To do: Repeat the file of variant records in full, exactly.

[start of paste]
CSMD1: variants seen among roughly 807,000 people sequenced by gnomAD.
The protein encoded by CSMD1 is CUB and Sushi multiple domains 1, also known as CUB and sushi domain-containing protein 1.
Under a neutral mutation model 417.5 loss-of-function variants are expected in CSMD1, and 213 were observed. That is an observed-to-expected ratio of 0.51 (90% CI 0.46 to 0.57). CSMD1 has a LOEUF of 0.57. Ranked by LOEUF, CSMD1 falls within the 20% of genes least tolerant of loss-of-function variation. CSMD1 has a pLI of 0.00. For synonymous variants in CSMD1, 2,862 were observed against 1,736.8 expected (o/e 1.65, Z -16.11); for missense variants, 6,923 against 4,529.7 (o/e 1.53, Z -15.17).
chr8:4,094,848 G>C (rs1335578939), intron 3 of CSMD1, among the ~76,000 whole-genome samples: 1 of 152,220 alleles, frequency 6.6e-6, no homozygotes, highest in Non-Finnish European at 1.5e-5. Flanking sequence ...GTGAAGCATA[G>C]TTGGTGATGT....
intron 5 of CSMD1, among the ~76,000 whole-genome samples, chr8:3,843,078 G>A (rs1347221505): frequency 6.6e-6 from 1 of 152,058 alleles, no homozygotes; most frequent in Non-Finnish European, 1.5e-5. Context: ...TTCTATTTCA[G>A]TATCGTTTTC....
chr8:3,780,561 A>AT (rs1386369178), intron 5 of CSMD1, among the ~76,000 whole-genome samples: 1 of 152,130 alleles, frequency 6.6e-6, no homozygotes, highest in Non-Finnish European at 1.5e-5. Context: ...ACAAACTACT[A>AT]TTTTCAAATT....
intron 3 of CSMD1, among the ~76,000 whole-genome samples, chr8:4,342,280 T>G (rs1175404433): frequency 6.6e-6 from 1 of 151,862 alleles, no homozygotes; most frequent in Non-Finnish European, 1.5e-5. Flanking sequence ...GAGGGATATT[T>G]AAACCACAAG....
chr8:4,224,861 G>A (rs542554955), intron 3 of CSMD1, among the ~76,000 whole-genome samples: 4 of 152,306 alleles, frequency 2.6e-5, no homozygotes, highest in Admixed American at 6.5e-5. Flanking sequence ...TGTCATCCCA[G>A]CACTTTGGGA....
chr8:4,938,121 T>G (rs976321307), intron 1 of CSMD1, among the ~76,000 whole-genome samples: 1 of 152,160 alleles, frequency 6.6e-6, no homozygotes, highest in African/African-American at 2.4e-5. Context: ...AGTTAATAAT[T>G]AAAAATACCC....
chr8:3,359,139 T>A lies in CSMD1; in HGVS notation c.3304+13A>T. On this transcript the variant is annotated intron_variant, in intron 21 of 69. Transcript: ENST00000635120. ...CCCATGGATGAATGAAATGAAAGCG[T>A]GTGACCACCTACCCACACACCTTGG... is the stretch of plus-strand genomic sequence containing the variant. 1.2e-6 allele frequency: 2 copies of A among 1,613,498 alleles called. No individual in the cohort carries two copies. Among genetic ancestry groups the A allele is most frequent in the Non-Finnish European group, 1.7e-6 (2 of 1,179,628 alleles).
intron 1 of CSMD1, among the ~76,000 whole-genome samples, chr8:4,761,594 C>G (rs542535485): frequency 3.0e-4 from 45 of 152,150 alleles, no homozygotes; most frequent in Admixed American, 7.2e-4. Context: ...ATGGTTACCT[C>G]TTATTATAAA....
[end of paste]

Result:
CSMD1: variants seen among roughly 807,000 people sequenced by gnomAD.
The protein encoded by CSMD1 is CUB and Sushi multiple domains 1, also known as CUB and sushi domain-containing protein 1.
Under a neutral mutation model 417.5 loss-of-function variants are expected in CSMD1, and 213 were observed. That is an observed-to-expected ratio of 0.51 (90% CI 0.46 to 0.57). CSMD1 has a LOEUF of 0.57. Ranked by LOEUF, CSMD1 falls within the 20% of genes least tolerant of loss-of-function variation. CSMD1 has a pLI of 0.00. For synonymous variants in CSMD1, 2,862 were observed against 1,736.8 expected (o/e 1.65, Z -16.11); for missense variants, 6,923 against 4,529.7 (o/e 1.53, Z -15.17).
chr8:4,094,848 G>C (rs1335578939), intron 3 of CSMD1, among the ~76,000 whole-genome samples: 1 of 152,220 alleles, frequency 6.6e-6, no homozygotes, highest in Non-Finnish European at 1.5e-5. Flanking sequence ...GTGAAGCATA[G>C]TTGGTGATGT....
intron 5 of CSMD1, among the ~76,000 whole-genome samples, chr8:3,843,078 G>A (rs1347221505): frequency 6.6e-6 from 1 of 152,058 alleles, no homozygotes; most frequent in Non-Finnish European, 1.5e-5. Context: ...TTCTATTTCA[G>A]TATCGTTTTC....
chr8:3,780,561 A>AT (rs1386369178), intron 5 of CSMD1, among the ~76,000 whole-genome samples: 1 of 152,130 alleles, frequency 6.6e-6, no homozygotes, highest in Non-Finnish European at 1.5e-5. Context: ...ACAAACTACT[A>AT]TTTTCAAATT....
intron 3 of CSMD1, among the ~76,000 whole-genome samples, chr8:4,342,280 T>G (rs1175404433): frequency 6.6e-6 from 1 of 151,862 alleles, no homozygotes; most frequent in Non-Finnish European, 1.5e-5. Flanking sequence ...GAGGGATATT[T>G]AAACCACAAG....
chr8:4,224,861 G>A (rs542554955), intron 3 of CSMD1, among the ~76,000 whole-genome samples: 4 of 152,306 alleles, frequency 2.6e-5, no homozygotes, highest in Admixed American at 6.5e-5. Flanking sequence ...TGTCATCCCA[G>A]CACTTTGGGA....
chr8:4,938,121 T>G (rs976321307), intron 1 of CSMD1, among the ~76,000 whole-genome samples: 1 of 152,160 alleles, frequency 6.6e-6, no homozygotes, highest in African/African-American at 2.4e-5. Context: ...AGTTAATAAT[T>G]AAAAATACCC....
chr8:3,359,139 T>A lies in CSMD1; in HGVS notation c.3304+13A>T. On this transcript the variant is annotated intron_variant, in intron 21 of 69. Transcript: ENST00000635120. ...CCCATGGATGAATGAAATGAAAGCG[T>A]GTGACCACCTACCCACACACCTTGG... is the stretch of plus-strand genomic sequence containing the variant. 1.2e-6 allele frequency: 2 copies of A among 1,613,498 alleles called. No individual in the cohort carries two copies. Among genetic ancestry groups the A allele is most frequent in the Non-Finnish European group, 1.7e-6 (2 of 1,179,628 alleles).
intron 1 of CSMD1, among the ~76,000 whole-genome samples, chr8:4,761,594 C>G (rs542535485): frequency 3.0e-4 from 45 of 152,150 alleles, no homozygotes; most frequent in Admixed American, 7.2e-4. Context: ...ATGGTTACCT[C>G]TTATTATAAA....